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Obama courts Latino vote on economic tour

By Jim Kuhnhenn

Associated Press

Published: Thursday, Jan. 26 2012 4:10 p.m. MST

To win again, he will need that level of enthusiasm to make up for weaknesses elsewhere in his voter support. In a bright spot for Obama, the Pew poll found that even though Hispanics believe their economic condition is poor, two-thirds of those polled said they expect their financial situation to improve over the next year, whereas 58 percent of the overall population expect the same.

In his interview with Univision, Obama made a point of noting that both Romney and Gingrich have said they would veto legislation, known as the DREAM Act, that would give a pathway to citizenship to children who came to the United States illegally but who attend college or enlist in the military.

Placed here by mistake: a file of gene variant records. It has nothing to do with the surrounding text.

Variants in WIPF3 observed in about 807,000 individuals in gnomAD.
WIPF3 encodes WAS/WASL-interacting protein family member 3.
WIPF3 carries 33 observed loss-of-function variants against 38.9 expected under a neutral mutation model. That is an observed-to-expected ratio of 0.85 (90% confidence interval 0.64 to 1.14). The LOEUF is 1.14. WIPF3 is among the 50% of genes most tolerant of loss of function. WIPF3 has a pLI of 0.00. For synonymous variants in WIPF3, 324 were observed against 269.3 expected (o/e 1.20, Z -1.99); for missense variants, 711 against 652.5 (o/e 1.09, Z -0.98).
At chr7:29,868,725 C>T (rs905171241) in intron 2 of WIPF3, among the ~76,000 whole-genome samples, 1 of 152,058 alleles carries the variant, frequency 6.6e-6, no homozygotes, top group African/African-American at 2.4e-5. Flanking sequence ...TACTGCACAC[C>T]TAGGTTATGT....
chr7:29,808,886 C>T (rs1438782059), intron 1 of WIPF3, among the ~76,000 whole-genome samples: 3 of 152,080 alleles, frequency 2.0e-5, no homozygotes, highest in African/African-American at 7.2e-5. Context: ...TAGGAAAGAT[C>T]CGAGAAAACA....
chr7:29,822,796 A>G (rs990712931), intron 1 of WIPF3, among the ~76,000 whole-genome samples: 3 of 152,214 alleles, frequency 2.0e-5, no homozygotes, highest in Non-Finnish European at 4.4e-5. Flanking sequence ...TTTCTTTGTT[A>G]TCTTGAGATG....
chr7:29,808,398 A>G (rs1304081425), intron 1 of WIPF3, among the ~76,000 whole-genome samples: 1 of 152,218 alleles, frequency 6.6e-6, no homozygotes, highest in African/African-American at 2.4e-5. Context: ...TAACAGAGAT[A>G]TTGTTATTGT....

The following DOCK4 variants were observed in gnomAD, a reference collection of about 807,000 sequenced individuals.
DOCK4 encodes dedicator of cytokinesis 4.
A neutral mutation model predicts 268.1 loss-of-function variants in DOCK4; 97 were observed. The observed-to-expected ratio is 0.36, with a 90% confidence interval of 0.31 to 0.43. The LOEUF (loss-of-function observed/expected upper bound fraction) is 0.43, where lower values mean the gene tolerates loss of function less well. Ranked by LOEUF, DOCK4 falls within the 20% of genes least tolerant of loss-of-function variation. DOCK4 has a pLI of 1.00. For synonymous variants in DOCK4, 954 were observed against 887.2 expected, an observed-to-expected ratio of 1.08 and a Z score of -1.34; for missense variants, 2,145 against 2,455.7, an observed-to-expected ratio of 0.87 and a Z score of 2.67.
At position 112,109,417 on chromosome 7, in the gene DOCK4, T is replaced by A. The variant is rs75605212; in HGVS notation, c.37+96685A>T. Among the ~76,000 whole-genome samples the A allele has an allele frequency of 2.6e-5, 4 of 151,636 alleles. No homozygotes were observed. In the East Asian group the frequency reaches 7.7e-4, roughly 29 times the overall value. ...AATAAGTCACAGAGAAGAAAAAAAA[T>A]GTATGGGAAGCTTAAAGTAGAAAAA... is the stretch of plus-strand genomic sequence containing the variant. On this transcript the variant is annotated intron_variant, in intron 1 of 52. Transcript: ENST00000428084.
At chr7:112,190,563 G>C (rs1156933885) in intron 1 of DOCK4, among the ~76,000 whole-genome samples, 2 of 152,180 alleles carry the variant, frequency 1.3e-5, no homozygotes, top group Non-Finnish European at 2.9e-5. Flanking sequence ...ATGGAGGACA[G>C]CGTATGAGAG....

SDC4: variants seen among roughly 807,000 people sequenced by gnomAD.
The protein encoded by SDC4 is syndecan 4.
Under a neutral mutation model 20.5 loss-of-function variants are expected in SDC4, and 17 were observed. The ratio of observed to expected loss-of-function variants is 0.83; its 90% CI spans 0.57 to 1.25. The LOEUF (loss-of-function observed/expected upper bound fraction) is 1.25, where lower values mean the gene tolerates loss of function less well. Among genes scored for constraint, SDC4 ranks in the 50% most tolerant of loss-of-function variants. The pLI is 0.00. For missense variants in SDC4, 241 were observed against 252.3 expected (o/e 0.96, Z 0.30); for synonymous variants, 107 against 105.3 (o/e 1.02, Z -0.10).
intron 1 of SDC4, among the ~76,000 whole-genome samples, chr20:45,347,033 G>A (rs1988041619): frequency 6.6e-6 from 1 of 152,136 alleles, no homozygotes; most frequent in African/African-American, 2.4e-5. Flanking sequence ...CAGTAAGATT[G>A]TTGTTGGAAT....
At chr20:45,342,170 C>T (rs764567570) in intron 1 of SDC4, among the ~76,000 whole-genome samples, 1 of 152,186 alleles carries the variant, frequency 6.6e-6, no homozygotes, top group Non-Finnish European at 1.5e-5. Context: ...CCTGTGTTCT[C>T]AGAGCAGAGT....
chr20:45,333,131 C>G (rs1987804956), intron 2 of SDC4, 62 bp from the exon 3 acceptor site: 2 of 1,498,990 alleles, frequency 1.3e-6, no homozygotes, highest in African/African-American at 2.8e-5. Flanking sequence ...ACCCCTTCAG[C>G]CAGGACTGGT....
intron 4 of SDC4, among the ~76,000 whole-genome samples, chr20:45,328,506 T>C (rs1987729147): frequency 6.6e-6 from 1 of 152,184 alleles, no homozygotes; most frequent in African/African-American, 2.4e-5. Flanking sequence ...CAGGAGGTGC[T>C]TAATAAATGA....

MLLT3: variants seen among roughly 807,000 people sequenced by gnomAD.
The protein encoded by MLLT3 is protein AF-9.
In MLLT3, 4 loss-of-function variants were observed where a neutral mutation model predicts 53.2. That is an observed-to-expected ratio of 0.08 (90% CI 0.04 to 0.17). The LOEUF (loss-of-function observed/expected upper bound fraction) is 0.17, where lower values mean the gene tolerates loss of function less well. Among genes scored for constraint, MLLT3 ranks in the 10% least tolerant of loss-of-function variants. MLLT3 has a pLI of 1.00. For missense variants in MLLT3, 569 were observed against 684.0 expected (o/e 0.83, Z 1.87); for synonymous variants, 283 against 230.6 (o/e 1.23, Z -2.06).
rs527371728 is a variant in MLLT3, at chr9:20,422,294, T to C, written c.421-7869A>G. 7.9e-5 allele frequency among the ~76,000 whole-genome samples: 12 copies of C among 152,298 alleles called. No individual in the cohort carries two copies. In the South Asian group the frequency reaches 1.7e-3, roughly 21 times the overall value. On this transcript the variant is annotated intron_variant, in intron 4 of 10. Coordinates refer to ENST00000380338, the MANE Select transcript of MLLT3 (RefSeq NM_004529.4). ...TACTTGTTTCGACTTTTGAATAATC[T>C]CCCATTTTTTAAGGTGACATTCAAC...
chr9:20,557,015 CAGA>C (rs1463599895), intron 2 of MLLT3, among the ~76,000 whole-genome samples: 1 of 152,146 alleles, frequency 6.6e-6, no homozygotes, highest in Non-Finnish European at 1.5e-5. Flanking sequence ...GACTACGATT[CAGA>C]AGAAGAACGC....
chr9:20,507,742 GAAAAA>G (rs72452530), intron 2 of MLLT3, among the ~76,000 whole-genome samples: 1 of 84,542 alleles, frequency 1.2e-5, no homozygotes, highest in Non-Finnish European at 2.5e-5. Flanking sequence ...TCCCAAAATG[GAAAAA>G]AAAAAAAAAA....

"They believe that we should not provide a pathway to citizenship for young people who were brought here when they were very young children and are basically American kids but right now are still in a shadow," Obama said. "They've said that they would veto the DREAM Act. Both of them."

At a debate Monday on NBC, however, both Gingrich and Romney said they would support modified legislation that only applied to young people who joined the military. "I would not support the part that simply says everybody who goes to college is automatically waived for having broken the law," Gingrich said.

Obama, in the interview, explicitly connected the Republican presidential field to congressional Republicans, who suffer from bottom-dwelling approval ratings right now. Asked why he had been unable to deliver on his promise for overhauling the immigration system, Obama replied:

"Well, it's very simple. We couldn't get any Republican votes. Zero. None," he said. "So this is the kind of barrier that we're meeting in Congress. We're just going to keep on pushing and pushing until hopefully we finally get a break."

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